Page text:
Aviation: The Limited Sky
Education Excerpt 2:55 min
Aviation: The Limited Sky
PDF Documentation


While the aviation industry accounts for roughly 5% of greenhouse gas emissions today, it is the fastest growing sector of CO2 emitters, at a growth rate of 5% per year, which has many experts concerned. Because fuel costs amount to 30-50% of the operating costs for a typical airline, there is a built-in incentive to reduce fuel use. The airline industry is taking steps to address its growth with a focus on reducing CO2 emissions, but there is much debate about which strategy or strategies will yield the best long-term results.

In the video, Jos Dings, Director of the European Federation for Transport and Environment, gives insight into how the industry can increase fuel efficiency and lower CO2 emissions. However, he states that in order to make real inroads in addressing the global climate problem, consumers will have to make sacrifices in terms of speed and cost of travel. Today, airlines try to maximize passenger miles per aircraft, so they design planes to be as fast as possible. If they shifted their focus to maximizing passenger miles per liter of jet fuel, they could design a plane that is10% slower but 20% more fuel-efficient.

We hear from William Glover, the Environmental Strategy Director for Boeing Commercial Airplanes, about specific innovations that are being made in aircraft design. The fuselage and wings of the new Boeing 787 Dreamliner are made primarily of composite material, making it a lighter plane that requires less thrust to fly. The difference in weight allows for a reduction in engine size. These and other features result in a 20% reduction in CO2 emissions.

While newly designed aircraft can be part of the solution, it is important to improve the fuel efficiency of the current fleet of airplanes as well. Improvements in the planning and procedures of air traffic control can help get planes to the gates more quickly or provide more direct routes, though in some cases that would require opening up air space that is currently restricted. Many airports have already implemented continuous descent approach, which is essentially a smooth glide from the cruising altitude to the airport at reduced engine power. This provides a quieter and more fuel-efficient landing. While these ideas and others, like tugging aircraft out to the starting point, can help, they could be hard to implement given the rate of growth in the industry.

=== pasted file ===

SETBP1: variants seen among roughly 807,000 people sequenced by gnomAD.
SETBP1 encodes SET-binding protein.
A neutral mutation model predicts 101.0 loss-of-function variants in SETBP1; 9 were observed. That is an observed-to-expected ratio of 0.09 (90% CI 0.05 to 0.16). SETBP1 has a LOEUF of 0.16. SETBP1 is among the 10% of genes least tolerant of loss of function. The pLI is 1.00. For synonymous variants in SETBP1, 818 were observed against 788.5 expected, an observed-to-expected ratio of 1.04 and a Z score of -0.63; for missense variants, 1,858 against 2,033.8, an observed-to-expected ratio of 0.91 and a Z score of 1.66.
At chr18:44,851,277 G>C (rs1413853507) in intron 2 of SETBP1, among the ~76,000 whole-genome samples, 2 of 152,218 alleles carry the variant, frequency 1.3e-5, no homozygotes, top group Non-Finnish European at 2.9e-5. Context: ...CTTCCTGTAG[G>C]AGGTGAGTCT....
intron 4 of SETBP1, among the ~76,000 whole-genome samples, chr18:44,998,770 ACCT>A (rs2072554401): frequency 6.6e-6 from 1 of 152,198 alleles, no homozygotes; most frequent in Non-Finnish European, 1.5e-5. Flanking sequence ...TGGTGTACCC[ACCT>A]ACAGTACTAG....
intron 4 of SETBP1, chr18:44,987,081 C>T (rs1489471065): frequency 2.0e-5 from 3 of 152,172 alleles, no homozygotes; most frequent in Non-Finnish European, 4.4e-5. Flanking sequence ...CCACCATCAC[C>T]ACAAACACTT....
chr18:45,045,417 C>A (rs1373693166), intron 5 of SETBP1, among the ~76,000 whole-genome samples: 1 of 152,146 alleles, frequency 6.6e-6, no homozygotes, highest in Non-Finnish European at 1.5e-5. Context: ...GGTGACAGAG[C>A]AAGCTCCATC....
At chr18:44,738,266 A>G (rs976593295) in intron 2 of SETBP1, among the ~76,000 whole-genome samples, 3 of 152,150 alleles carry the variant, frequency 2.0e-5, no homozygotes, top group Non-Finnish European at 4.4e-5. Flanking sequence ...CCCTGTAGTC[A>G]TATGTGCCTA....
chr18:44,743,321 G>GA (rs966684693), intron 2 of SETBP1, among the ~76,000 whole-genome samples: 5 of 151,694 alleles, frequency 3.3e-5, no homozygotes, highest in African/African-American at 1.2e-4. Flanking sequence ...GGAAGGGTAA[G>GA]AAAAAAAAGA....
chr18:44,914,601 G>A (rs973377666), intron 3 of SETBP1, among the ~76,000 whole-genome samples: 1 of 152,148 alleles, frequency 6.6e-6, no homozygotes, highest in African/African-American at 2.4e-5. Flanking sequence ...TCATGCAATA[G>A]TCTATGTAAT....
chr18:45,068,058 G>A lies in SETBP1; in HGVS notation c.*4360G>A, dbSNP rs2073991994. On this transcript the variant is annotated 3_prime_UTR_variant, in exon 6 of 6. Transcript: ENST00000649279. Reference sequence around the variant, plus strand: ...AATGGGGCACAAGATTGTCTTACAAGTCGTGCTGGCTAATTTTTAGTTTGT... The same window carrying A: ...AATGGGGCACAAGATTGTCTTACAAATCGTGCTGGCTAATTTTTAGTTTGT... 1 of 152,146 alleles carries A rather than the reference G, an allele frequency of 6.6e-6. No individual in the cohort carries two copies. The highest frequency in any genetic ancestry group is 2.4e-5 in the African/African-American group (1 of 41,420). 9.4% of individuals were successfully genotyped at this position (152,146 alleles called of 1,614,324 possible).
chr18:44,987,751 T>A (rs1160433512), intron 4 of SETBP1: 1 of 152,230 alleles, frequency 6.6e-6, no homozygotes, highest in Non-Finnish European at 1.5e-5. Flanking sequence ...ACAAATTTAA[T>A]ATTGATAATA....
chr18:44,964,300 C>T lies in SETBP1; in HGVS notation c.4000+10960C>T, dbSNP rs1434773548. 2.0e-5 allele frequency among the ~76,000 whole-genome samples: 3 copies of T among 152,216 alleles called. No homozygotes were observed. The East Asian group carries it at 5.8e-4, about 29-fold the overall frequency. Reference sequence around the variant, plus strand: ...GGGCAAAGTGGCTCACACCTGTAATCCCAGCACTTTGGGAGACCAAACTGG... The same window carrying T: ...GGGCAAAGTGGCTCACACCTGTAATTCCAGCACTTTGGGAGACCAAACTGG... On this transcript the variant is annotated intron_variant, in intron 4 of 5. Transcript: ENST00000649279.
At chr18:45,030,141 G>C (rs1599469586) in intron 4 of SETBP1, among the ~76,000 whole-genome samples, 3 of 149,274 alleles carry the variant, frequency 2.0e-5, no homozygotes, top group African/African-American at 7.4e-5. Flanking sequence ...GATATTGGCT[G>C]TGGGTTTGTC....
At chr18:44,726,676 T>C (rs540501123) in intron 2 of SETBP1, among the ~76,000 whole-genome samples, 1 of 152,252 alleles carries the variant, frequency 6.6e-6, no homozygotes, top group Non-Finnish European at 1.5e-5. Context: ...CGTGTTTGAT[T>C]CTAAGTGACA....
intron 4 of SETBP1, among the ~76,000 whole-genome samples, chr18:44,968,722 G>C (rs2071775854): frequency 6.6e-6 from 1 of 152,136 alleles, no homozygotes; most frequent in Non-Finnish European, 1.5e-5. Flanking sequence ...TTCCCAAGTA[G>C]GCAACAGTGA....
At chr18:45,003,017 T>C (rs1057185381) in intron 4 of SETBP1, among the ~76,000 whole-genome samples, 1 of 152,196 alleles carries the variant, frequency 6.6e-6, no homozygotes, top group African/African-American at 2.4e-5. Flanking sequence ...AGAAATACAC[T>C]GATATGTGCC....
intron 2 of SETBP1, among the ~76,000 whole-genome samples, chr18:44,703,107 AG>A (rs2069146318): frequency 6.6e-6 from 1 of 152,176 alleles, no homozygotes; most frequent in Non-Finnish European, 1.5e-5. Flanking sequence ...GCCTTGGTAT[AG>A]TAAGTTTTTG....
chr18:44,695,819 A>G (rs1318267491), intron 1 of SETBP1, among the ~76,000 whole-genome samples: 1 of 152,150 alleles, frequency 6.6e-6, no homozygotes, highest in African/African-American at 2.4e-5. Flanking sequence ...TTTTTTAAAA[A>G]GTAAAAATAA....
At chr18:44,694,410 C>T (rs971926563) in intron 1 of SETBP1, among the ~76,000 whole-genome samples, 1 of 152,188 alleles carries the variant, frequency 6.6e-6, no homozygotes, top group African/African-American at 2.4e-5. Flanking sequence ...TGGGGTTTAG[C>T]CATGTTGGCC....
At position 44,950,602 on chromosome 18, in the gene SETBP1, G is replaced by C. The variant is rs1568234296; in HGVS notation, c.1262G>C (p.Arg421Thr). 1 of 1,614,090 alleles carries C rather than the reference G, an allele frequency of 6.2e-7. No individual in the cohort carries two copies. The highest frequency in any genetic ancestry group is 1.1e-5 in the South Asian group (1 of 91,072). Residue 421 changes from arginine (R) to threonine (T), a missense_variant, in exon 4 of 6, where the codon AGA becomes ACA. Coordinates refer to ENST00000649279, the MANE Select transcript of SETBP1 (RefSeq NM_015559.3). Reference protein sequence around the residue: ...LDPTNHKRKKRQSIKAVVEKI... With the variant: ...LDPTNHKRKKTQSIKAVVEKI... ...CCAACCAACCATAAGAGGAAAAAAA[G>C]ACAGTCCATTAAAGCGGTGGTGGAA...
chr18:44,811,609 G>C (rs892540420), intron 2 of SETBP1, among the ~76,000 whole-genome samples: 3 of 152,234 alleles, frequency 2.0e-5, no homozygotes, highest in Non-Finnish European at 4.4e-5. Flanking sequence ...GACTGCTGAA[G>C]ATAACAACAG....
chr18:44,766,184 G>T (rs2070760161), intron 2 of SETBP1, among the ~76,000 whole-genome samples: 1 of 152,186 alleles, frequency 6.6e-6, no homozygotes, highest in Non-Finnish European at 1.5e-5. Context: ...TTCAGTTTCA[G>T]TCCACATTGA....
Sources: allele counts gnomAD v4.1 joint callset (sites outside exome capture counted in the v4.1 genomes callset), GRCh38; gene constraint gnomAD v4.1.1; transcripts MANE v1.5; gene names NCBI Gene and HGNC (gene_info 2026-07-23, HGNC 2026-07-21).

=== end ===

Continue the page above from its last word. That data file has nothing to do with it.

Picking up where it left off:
While fuel efficiency-based approaches are important, some believe the fuel itself is the problem to be fixed. While developing an anti-malarial compound, Amyris Biotechnologies discovered a way to produce hydrocarbons from a plant. Hydrocarbons, which are contained in fossil fuels, are the world's main source of energy. While most biofuels today, like ethanol, are alcohol-based and contain 27-30% less energy than gasoline, the fuel that Amyris creates is comparable to gasoline. It is not a compromise for consumers and could be easily integrated into the current infrastructure of pipelines and vehicles.

Other strategies that the aviation industry has started to develop range from selling carbon offsets to consumers to the reinvention of the airship. A blimp, which is most commonly seen hovering above a sporting event, is one example of an airship, but others can move at higher speeds and even make overseas flights. A combination of approaches will likely be employed to reduce CO2 emissions, but the question remains, at what cost?